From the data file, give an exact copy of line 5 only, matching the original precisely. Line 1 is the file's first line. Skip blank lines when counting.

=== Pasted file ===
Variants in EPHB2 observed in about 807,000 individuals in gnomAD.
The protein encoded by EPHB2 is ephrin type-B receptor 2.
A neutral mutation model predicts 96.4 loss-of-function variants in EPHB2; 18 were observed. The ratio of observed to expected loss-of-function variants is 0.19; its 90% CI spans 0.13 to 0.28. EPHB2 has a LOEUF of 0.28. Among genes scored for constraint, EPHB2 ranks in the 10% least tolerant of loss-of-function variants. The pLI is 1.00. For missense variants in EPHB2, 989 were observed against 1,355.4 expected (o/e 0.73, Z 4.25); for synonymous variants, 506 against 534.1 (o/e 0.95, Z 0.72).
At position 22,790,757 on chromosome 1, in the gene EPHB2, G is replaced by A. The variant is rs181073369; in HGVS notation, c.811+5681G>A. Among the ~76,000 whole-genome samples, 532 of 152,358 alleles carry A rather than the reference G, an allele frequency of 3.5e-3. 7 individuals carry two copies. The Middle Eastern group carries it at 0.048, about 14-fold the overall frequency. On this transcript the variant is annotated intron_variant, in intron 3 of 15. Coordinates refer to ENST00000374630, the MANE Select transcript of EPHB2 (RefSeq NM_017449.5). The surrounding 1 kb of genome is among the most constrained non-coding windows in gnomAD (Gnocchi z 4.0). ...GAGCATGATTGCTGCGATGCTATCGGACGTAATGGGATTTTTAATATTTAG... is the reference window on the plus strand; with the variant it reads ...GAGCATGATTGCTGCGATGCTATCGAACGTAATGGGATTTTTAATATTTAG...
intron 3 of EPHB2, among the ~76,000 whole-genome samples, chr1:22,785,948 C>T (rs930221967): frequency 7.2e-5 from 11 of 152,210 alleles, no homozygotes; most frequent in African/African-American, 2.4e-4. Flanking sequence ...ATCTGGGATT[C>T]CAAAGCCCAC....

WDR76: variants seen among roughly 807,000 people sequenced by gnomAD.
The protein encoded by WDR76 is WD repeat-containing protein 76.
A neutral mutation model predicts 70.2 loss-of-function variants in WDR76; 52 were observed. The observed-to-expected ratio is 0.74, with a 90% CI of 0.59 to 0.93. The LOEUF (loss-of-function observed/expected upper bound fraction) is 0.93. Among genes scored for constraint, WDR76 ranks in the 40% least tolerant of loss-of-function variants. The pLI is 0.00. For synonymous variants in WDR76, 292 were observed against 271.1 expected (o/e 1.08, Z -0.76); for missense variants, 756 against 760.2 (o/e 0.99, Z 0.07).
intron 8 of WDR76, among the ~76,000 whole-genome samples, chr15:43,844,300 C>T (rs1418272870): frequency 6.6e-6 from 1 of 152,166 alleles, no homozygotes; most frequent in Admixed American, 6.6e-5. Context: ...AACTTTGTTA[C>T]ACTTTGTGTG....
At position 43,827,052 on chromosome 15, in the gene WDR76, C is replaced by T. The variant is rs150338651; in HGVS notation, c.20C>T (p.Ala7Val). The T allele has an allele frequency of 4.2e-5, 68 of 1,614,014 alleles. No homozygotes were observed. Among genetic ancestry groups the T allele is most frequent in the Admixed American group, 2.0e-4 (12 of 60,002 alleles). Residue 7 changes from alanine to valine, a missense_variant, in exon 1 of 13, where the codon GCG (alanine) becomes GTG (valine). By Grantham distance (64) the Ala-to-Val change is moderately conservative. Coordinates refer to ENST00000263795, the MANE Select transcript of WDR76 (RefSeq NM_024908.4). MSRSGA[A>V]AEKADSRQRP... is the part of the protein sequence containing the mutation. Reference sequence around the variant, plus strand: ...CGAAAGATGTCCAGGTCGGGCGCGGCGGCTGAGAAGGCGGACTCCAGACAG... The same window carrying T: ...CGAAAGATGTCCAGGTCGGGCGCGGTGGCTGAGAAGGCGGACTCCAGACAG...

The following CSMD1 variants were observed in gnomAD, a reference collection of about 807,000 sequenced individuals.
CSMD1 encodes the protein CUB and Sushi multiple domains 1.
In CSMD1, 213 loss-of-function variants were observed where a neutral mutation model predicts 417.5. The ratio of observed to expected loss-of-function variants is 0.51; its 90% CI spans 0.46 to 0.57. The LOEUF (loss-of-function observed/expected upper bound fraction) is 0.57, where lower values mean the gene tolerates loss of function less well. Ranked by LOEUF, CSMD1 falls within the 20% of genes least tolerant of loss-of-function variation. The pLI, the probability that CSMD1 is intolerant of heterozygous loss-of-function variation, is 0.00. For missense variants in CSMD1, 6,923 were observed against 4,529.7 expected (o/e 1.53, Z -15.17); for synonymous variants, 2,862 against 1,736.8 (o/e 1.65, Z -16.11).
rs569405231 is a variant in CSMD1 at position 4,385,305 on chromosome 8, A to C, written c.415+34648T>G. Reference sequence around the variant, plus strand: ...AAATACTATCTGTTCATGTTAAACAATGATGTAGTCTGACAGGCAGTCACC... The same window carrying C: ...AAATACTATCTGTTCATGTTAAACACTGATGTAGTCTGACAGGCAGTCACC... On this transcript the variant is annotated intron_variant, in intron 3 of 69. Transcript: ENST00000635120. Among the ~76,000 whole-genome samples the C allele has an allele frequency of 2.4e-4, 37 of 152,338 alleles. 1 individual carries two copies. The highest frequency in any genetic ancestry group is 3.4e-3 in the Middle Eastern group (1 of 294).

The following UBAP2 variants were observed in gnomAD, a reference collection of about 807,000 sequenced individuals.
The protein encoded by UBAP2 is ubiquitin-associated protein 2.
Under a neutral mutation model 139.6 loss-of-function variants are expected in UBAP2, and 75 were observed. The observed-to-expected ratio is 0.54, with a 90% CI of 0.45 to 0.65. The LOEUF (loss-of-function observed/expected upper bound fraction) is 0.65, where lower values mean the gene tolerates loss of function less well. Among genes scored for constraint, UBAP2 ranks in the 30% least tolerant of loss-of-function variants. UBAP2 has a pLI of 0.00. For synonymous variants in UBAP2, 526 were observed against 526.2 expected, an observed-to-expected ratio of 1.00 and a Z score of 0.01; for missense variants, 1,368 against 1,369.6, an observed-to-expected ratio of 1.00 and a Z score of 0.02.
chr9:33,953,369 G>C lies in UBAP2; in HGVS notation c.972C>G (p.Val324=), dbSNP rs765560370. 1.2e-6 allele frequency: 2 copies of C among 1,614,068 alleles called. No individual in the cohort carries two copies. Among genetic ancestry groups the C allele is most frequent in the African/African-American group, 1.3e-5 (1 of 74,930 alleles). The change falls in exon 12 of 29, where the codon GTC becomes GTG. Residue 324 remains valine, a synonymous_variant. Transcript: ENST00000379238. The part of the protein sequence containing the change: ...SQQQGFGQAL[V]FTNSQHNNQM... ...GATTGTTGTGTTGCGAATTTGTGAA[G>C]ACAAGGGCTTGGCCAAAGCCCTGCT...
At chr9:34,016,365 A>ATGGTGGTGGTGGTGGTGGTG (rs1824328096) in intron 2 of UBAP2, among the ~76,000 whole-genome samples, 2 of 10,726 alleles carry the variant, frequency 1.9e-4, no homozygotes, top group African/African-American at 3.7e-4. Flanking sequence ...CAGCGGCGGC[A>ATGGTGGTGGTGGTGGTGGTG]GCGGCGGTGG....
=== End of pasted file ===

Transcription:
intron 3 of EPHB2, among the ~76,000 whole-genome samples, chr1:22,785,948 C>T (rs930221967): frequency 7.2e-5 from 11 of 152,210 alleles, no homozygotes; most frequent in African/African-American, 2.4e-4. Flanking sequence ...ATCTGGGATT[C>T]CAAAGCCCAC....